Tomorrow, congressional hearings begin for President-elect Donald Trump’s pick for EPA Administrator, Oklahoma Attorney General Scott Pruitt.
The irony of this appointment? Pruitt is a climate change skeptic.
Trump has held questionable stances on climate change in the past, tweeting in 2012 that “The concept of global warming was created by and for the Chinese in order to make U.S. manufacturing non-competitive.” Although he denied to have ever posted this tweet during the presidential debates last fall, Trump’s pick for his EPA administrator continues the narrative that Trump does not put environmental protection or climate change as high-priority parts of his agenda. He certainly disagrees with President Barack Obama’s current handling of EPA management.
“For too long, the Environmental Protection Agency has spent taxpayer dollars on an out-of-control anti-energy agenda that has destroyed millions of jobs, while also undermining our incredible farmers and many other businesses and industries at every turn,” Trump said in a December statement.
Trump believes that Pruitt will reverse these trends, and with the new appointee’s history concerning the oil industry and environmental dealings, we will certainly see change. This change, however, may be costly to Americans in more ways than one.
Beginning with Pruitt’s background, it is notable to mention that on his own official biography, he is described as ” a leading advocate against the EPA’s activist agenda.”This includes how he is a major proponent for the oil industry, fighting strongly against environmental regulations. He became one of a number of state attorneys to combat the Obama administration’s Clean Power Plan, aimed at reducing carbon emissions from the electricity sector. Additionally, he has also sued with other attorneys general over the EPA’s regulations seeking to curb methane emissions from the oil and gas sector.
These regulations passed by the EPA are known as the Cross-State Air Pollution Rule. This 2011 ruling’s intentions are to protect “the health of millions of Americans by helping states reduce air pollution and meet Clean Air Act Standards.” As the plan estimated to cost $800 million, according to an EPA regulatory impact analysis, conservative politicians, including Pruitt, have aggressively fought against it.
However, not implementing regulations such as this will be costly to the country in the long-term. Failing to combat carbon emissions will only contribute to climate change-related incidents, including desertification, flooding, and rising sea levels damaging coastlines. This will create more infrastructure costs than we already see and will risk the safety of vulnerable Americans
Furthermore, not working to reduce carbon emissions will only continue increasing health-related consequences. According to climate change advocacy group DARA, in 2010 5 million people have died due to climate change-related incidents. Not only do the natural disasters stated above damage American landscapes and communities, but they also harm agricultural production. Take California, for example, which faces depleting aquifers, dry ground water sources, and crises concerning providing fresh water to less empowered Californians. Illnesses from extreme hot and cold temperatures from climate impacts also affect about 700,000 deaths annually. Furthermore, pollution, indoor smoke, and other emission hazards related to industries like the ones Pruitt defends cause the rest of the 5 million deaths DARA cites. These are carried through respiratory ailments like lung cancer.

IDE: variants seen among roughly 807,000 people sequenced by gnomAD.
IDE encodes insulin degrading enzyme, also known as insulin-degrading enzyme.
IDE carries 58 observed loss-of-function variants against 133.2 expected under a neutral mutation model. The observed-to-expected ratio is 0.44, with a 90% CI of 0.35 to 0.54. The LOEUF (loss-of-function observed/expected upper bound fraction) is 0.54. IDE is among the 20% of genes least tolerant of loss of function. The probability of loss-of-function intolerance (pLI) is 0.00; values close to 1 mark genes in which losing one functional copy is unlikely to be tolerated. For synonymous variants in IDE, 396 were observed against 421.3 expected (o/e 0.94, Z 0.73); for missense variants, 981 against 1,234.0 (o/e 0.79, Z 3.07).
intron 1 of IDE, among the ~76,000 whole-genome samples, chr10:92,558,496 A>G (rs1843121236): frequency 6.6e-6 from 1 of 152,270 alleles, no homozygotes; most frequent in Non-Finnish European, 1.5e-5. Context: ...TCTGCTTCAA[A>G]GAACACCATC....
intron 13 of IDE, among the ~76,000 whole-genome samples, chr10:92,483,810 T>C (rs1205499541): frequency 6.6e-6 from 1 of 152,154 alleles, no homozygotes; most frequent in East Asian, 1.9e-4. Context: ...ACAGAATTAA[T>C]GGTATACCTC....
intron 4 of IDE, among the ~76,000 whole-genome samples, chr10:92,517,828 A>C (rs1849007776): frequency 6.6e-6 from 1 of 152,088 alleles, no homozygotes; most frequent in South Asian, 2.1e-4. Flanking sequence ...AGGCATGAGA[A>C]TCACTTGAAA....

While Pruitt denies climate change and defends the oil industry, reducing carbon emissions would decrease the costs we see from the impacts of climate change. It is estimated that cutting carbon emissions can save $120 to $280 billion in health savings annually.It could prevent 19,000 hospital and emergency department visits, 400,000 cases of aggravated asthma, 15,000 non-fatal heart attacks, and 34,000 premature deaths. With less illness, work production can also increase, as it is estimated that up to 1.8 million days of work and school are missed due to carbon emission trends today.
Given all of these factors, DARA estimates through its report “that by 2030 the US will suffer the highest total amount of economic losses of any nation on the planet, losing about $40 billion a year by 2030 due to climate change effects.”
Although Pruitt lost his lawsuit against the EPA’s CSAPR in 2014, if he were to head the EPA he would have significant leverage and power in enforcing his agenda, which ignores the dangers of climate change and carbon emissions.
The EPA mission statement states that its “basic mission is to protect human health and the environment — air, water, and land.” It aims to do this through four types of regulations: “controlling the emission discharge of pollution; regulating certain industrial waste and products; public information requirements; and cleanup of contaminated sites.”
Everything Pruitt stands for is against what the EPA stands for. In denying climate change and refusing to reinforce emission regulations, our economy, human health, and environment are all at a significant risk. As Pruitt’s hearings begin tomorrow, it is critical that his stances are challenged. His feet must be put to the fire. Climate change is deteriorating the well being of our ecosystems, our economic integrity, our health, and our world at large. We have so little time to fix the damage that has been done. And we cannot risk to waste anymore time in rectifying it.